On Wednesday, June 21, the Legislature is scheduled to wrap up its 2017 legislative session. As of this moment, we know that many of you have reached out in support of the Governor’s legislative package, which we hope will be adopted by members of the Senate and Assembly. Several proposals build upon our efforts to address the heroin and opioid public health crisis, and offer relief to families desperate to get their loved ones into treatment and recovery.
We are grateful to our friends who participated in the National Call-In Day on June 15, hosted by Faces & Voices of Recovery. Many of you are working hard to educate our decision makers about the significant needs of individuals and families fighting for their lives in the midst of this public health crisis. With thousands of New Yorkers in need of alcohol and drug addiction treatment and recovery supports and services, the reported cuts to Medicaid would be devastating for people who receive care through Medicaid expansion. Recent reporting from the Centers of Disease Control suggest that deaths from overdoses are likely to have increased more than 20% from 2015 to 2016. Cuts to or a roll back from Medicaid expansion would exacerbate a public health crisis into a state of emergency.
Recently, a former FBI director said that the solution to the opioid epidemic plaguing the US is greater community engagement to help spread awareness and slowly turn the tide on addiction. “We cannot arrest our way out of this problem,” he said. “We will do our part…but the problem is not going to be solved unless it is done in a holistic way.” Many of us know that prevention, treatment and recovery supports and services are the multi-pronged approach that helps communities build and sustain a culture of recovery.
We have made such progress in humanizing the chronic illness of addiction and demonstrating the power and promise that recovery brings. We are hopeful that New York’s elected officials will reflect on the inspiring stories of healing and redemption that so many of you shared have shared at Recovery Talks: Community Listening Forums, Stand Up for Recovery Day, as well as the hearings and roundtables and community events that have happened throughout the state.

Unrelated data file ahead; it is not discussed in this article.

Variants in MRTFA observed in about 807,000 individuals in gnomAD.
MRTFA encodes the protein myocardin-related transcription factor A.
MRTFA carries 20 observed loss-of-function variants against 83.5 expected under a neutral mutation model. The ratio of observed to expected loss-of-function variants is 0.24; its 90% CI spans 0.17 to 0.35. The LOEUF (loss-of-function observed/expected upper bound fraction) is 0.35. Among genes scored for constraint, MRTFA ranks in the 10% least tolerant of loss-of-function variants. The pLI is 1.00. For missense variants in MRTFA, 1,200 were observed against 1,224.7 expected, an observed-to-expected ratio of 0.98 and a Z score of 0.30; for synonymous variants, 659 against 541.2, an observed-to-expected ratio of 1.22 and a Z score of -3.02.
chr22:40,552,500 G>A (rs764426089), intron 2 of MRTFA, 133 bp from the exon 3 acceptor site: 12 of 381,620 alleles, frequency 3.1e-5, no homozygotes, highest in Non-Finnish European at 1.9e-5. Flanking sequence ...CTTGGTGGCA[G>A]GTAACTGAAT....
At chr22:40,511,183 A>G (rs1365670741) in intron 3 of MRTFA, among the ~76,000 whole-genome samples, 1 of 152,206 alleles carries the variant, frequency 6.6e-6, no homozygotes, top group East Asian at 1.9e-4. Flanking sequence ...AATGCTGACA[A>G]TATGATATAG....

Some of our friends participated on June 20 in the first #March4Recovery – a noon-time, live-streamed event that sprung from the grassroots recovery community. Participants sought to simultaneously celebrate recovery and memorialize those who have been lost to this illness. While there are some people who feel that progress is not happening fast enough, your meetings, emails and phone calls and direct action are making a difference. On behalf of the hundreds of thousands of New Yorkers struggling with addiction or sustaining and maintaining their recovery, we thank you for your passion, commitment and continued support.
No matter the outcome of this legislative session, addressing addiction as the public health crisis that it is and implementing a sustainable network of community-based recovery services must continue to be a priority – for the public and our elected officials. Change will not happen overnight. It’s going to take a multi-year commitment and an investment of millions of dollars in funding support, but the return on that investment in terms of lives, families and communities saved is immeasurable.
Let us continue our efforts to support each other and the work that we are doing in communities around New York State. And remember — “Never doubt that a small group of thoughtful, committed citizens can change their world; indeed it’s the only thing that ever has”. – Margaret Mead. Each of you has your own story to tell, and as we say in our recovery messaging training, “Our Stories Have Power!” The collective power of our voices has already turned up the volume and as a result we are helping to change the conversation and providing hope to hundreds of thousands of individuals, families and communities throughout the Empire State. Together, we are making a difference for every one of them!
With gratitude for all that you do,